“The Suspect” stars Yoo Gong as Ji Dong-cheol an quiet yet deadly agent from North Korea who has defected to South Korea. When we meet Ji he is reeling from the murder of his wife and daughter and looking for answers. He is quickly set up as a suspect in the assassination of a powerful chairman. He knew the chairman and is on the premises when during his death. Ji is given some top secret information before the chairman dies. From this point on he must outrun enemies from all sides in hopes to find answers and his daughter that may or may not be dead. A detective with a past connected to Ji is on a vengeance fueled hunt that will stop at nothing to find him.
This is a thriller wrapped around several large action set-pieces much like the Bourne series. The story is coherent and makes sense in the grand scheme. It may not look that way halfway through but it does come together nicely. The hand to hand combat scenes are brutal. Broken limbs are peppered throughout coupled with some fairly bloody moments. There is one scene of bone-twisting athleticism by Yoo Gong that seems impossible but it happens with nary a cut in the action. Yoo is believable as the man on the run. His acting is limited here as he is a rather emotionless character except an angry snarl here and there. Hee-soon Park as Min Se-hoon, the man tasked with the job of finding Ji, chews through his scenery with a too-cool-for-school fervor. He smokes and smirks his was through evidence and clues in hopes to solving the mystery and bring his foe to justice. He is accompanied by his old friend and inside man Jae-yun Jo who provides levity as a small yet needed bit of comic relief. At the center of all of this is Kim Seok-ho (Seong-ha Jo) as the NIS director in charge of it all.
As stated earlier, the style of the filmed can be likened to the Bourne series. The pace is slick and the cinematography filled with shaky cam and quick zooms. Director Shin-yeon Won has less than a handful of full length features under his belt yet his work here is handled like a veteran. The feature is peppered with subtle lines of dialogue and cutaways to people’s reactions to situations which help immerse the viewer into the realism of the world. There’s a nice scene where Ji runs into some American CIA operatives and instead of just them being shallow opponents they drop lines like “I’ve missed two Christmases with my family looking for you.” It helps give even the most minor character some weight. Won also proves himself adept at directing large action sequences, one involving a skydiving scene rivaling anything seen in “Point Break” and a harrowing cliff side scene with some formidable stunt work. Also, there are two action scenes with plenty of vehicular carnage dispatched. The story leaps from country to country giving it a broad, international feel. Won uses many aerial establishing shots during action sequences and before and after. The cinematography is professional as it gets. If there is one chink in the armor of the film is that it can sometimes have glaring continuity errors. During the car chase scenes the damage incurred during varies quite dramatically. Facial wounds also change around quite a bit. Lastly, at 2 hours and 15 minutes it feels a bit padded. Some tighter editing could’ve brought it down closer to 2 hours, quickening the pace and still keeping the emotional punch.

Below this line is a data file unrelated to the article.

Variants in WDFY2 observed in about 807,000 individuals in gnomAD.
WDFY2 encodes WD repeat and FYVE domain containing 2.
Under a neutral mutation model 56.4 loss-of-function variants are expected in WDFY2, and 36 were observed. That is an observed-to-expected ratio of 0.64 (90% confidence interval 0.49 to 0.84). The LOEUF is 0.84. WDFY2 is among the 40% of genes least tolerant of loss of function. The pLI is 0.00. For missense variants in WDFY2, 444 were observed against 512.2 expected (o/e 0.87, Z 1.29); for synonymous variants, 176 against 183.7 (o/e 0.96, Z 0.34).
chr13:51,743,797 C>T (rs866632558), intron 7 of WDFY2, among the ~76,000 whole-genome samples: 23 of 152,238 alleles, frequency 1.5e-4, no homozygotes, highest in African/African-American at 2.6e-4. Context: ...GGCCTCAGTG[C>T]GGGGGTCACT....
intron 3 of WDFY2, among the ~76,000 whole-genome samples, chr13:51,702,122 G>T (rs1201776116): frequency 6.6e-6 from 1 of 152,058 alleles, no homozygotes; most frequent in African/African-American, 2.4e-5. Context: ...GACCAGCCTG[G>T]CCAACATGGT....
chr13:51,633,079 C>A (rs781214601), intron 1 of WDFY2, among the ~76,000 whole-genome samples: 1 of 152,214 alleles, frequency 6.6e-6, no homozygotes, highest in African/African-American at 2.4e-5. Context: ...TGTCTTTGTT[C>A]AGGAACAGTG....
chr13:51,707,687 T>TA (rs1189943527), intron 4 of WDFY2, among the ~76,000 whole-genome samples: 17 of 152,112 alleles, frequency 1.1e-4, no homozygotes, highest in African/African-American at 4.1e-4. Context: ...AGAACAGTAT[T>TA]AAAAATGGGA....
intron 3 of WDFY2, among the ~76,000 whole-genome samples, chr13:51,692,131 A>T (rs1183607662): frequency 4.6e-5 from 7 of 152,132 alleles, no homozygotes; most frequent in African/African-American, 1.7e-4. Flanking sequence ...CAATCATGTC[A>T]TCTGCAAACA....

Well Go USA delivers “The Suspect” with a 2.39:1 framed 1080p transfer with wonderful results. Won does go for a desaturated, almost steely look here which lends towards the film’s serious nature. Flashbacks are visually separated by being even more desaturated and flashy. Clarity and fine detail are on par with what you expect the newest hi-def images should be. The blood effects in particular come off as nauseatingly clear. Grain does appear in some of the darker scenes.
The Korean DTS-HD MA 5.1 audio track is lively and deep. The many gunshots fired pop all around you with an eerie precision. There are a variety of set pieces each with varying levels of action. From the windblown skydive sequence to the two car chases to the gunshots in the climactic scene at the end, all channels are utilized aggressively and realistically. LFE stays at bay only livening up during these scenes which gives them extra weight. There is no English language track. Also of note, sometimes there are subtitles at the top and bottom of the screen when multiple people are speaking at the same time, which oddly works.
The only extras are for the film itself and a variety of other Well Go USA action titles.
Don’t let the generic tile fool you, “The Suspect” may use many been-there-done-that action themes but they are coherently strung together to make an engaging action picture. Yes, it feels a tad drawn out especially in the final third however it’s a small criticism compared to how much more good than bad there is. Recommended for action aficionados of all kinds, especially those jones’n for a new Bourne Film.